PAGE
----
Following today's announcement that Inverness/Cromarty Firth and the Forth have been awarded 'green freeport' status, please provide copies of any reports that have studied the potential environmental impacts of either proposal.
If no such documents exist, please answer the following questions:
- Does either proposal involve expansion or development of port or other physical infrastructure, and if so, in what locations?
- Will any such expansion/development be subject to normal land-use planning requirements, including environmental impact assessment/Habitats Regulations appraisal?
- Does either proposal involve new or increased activities, and if so, which activities and in what locations?
- Will any such new or increased activities be subject to environmental impact assessment/Habitats Regulations appraisal?
The Scottish Government does not hold any such reports. However it may be helpful to note that the Green Freeports Bidding Prospectus required bidders to set out how they will approach meeting all relevant environmental regulations and Scottish Government commitments, and noted that successful bidders are required to carry out an Environmental Impact Assessment (EIA) if required to do so before planned development can proceed. The Bidding Prospectus can be accessed here.
The selection of the successful bids was the first stage in the process. Officials from the Scottish Government and the UK Government will now work with the prospective Green Freeports to support them in development of their outline business case (OBC) and full business case (FBC). Both OBC and FBC will be assessed by both the Scottish and UK governments and release of Green Freeport incentives will be dependent on the business cases being approved.
Within the OBC Strategic Case the prospective green freeports will be required to address Environmental Impacts specifically they will be required to demonstrate how negative environmental impacts will be mitigated through compliance with applicable regulations pertaining to air and water quality, the management of waste, and the treatment and handling of chemicals, as well as any additional assessment and mitigation of impacts on protected sites and species. Within this they will be required to make clear what activity will be undertaken by the Green Freeport and what will be undertaken by site tenants/end users and outline any processes through which the Green Freeport may ensure compliance and how consideration of environmental impact will be reflected in the Green Freeport’s governance.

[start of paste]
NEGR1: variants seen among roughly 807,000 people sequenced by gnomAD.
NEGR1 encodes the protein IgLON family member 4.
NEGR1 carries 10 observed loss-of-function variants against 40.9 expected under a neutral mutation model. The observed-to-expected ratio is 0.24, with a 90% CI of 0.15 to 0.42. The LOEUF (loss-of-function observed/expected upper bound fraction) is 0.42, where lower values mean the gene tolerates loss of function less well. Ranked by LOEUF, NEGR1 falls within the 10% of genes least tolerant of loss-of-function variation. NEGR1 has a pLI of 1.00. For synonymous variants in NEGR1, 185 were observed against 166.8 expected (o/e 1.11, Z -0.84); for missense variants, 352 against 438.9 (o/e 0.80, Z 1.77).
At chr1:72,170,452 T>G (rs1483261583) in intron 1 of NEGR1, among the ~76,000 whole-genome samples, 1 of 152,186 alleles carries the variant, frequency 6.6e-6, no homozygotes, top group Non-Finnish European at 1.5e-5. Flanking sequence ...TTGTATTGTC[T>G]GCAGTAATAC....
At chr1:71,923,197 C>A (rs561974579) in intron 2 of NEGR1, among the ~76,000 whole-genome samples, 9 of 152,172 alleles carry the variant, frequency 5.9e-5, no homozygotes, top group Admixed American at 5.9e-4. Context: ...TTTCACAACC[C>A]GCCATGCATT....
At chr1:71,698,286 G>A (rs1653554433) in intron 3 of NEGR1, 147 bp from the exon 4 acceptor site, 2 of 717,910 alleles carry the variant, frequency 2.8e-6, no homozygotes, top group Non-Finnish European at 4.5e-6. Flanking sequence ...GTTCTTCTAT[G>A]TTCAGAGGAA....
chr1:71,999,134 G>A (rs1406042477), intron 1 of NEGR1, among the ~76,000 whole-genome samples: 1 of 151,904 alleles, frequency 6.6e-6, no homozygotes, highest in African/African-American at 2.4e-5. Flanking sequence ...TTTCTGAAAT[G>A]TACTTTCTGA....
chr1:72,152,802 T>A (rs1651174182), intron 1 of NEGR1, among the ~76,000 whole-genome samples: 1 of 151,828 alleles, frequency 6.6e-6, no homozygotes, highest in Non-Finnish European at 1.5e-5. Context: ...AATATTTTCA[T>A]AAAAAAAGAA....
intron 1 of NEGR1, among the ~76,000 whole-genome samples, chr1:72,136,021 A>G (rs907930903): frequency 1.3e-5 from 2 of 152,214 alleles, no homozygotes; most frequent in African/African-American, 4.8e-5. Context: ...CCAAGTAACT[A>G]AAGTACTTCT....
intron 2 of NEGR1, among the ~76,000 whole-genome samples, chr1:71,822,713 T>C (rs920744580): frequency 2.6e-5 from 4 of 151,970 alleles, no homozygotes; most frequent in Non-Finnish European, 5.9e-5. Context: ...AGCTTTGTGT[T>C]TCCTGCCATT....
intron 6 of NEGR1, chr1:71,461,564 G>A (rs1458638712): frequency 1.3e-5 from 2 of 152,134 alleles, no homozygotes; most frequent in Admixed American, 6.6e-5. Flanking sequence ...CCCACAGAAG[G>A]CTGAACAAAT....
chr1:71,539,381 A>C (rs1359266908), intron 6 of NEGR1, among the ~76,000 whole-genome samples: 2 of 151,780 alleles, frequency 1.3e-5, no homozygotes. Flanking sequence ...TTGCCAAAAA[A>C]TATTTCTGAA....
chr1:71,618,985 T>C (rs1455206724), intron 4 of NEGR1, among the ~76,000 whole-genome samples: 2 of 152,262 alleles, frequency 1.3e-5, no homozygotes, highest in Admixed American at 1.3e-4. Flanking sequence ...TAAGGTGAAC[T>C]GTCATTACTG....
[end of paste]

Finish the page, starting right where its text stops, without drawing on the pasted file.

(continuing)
Business Cases will also be required to meet HM Treasury Green Book requirements for estimating the whole life carbon emissions impact of the proposal, monetising this according to BEIS (UK Department for Business, Energy & Industrial Strategy) carbon factors (in £/tonne) and including this in the Economic Case of their business case. Through their business cases, the successful applicants will further be asked to demonstrate how resilience to future climate change has been considered, with reference to the latest supplementary guidance to the HM Treasury Green Book on ‘Accounting for the Effects of Climate Change’, as well as the Scottish Government’s ‘Delivering sustainable flood risk management’ guidance and ‘Guidance to support SEPA and the responsible authorities: Options appraisal for flood risk management’.
- Yes, the purpose of Green Freeports is to stimulate activity and inward investment. The Firth of Forth Green Freeport proposal aims to attract up to £6 billion of investment and create 50,000 jobs. Its areas of focus will include renewables, advanced manufacturing, alternative fuels, carbon capture utilisation and storage, shipbuilding, logistics and the creative industries. The proposal includes ports at Grangemouth, Rosyth and Leith; Edinburgh Airport, and a site at Burntisland. The Inverness and Cromarty Firth proposal aims to deliver 5,000 new homes and create 25,000 jobs, while attracting £2.6 billion inward investment. Its areas of focus include offshore wind, green hydrogen and a new innovation cluster. The proposal includes sites at the Port of Inverness, Port of Cromarty Firth, Port of Nigg and Inverness Airport. More information on the successful bids, including locations, will be made available here in the coming weeks. As noted in response to Part A of your request, the successful bidders will now build on the proposals set out in their bids and produce detailed business cases to attract and enable infrastructure investment, and to unlock the incentives associated with Green Freeports.
- Yes, Green Freeports are subject to normal land-use planning requirements, including environmental impact assessment/Habitats Regulations appraisal as required.
- Yes, please see the answer to question 1, above.
- Yes, please see the answer to question 2, above.
The Scottish Government is committed to publishing all information released in response to Freedom of Information requests. View all FOI responses at http://www.gov.scot/foi-responses.
Please quote the FOI reference
Central Enquiry Unit
Phone: 0300 244 4000
The Scottish Government
St Andrews House
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